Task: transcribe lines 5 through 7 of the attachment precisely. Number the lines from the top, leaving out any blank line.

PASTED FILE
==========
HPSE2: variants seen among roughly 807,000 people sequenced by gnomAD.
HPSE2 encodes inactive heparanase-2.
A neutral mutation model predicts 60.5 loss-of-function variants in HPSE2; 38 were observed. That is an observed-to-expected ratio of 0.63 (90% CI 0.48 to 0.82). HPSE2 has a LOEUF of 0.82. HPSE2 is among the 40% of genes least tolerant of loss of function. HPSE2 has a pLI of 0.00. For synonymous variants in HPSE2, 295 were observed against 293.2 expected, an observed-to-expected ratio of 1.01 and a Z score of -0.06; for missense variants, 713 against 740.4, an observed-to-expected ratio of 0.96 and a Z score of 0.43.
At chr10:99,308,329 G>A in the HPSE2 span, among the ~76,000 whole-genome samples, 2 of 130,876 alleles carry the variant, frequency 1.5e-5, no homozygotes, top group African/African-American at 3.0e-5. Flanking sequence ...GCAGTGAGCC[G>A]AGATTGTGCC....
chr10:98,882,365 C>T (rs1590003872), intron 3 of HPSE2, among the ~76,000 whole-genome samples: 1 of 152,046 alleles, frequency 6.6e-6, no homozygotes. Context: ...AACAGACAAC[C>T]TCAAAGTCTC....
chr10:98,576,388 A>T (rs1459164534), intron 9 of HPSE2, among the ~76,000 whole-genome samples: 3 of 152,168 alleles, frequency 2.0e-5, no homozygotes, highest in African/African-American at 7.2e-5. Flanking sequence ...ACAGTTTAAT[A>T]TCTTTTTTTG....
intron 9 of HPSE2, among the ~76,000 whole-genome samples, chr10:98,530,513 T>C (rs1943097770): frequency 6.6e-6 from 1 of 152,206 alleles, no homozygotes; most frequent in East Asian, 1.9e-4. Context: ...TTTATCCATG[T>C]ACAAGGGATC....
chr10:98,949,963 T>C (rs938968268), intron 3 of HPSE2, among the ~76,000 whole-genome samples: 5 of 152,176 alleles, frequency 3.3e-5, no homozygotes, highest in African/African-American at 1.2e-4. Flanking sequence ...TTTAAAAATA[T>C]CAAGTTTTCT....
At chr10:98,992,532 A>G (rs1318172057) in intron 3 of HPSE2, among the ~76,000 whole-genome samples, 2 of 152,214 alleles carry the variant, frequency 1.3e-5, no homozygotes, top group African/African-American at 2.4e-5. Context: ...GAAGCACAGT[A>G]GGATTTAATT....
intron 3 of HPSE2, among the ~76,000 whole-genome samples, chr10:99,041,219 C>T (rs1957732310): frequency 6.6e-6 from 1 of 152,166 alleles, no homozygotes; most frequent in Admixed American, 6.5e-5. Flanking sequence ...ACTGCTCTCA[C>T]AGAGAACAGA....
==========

chr10:98,882,365 C>T (rs1590003872), intron 3 of HPSE2, among the ~76,000 whole-genome samples: 1 of 152,046 alleles, frequency 6.6e-6, no homozygotes. Context: ...AACAGACAAC[C>T]TCAAAGTCTC....
chr10:98,576,388 A>T (rs1459164534), intron 9 of HPSE2, among the ~76,000 whole-genome samples: 3 of 152,168 alleles, frequency 2.0e-5, no homozygotes, highest in African/African-American at 7.2e-5. Flanking sequence ...ACAGTTTAAT[A>T]TCTTTTTTTG....
intron 9 of HPSE2, among the ~76,000 whole-genome samples, chr10:98,530,513 T>C (rs1943097770): frequency 6.6e-6 from 1 of 152,206 alleles, no homozygotes; most frequent in East Asian, 1.9e-4. Context: ...TTTATCCATG[T>C]ACAAGGGATC....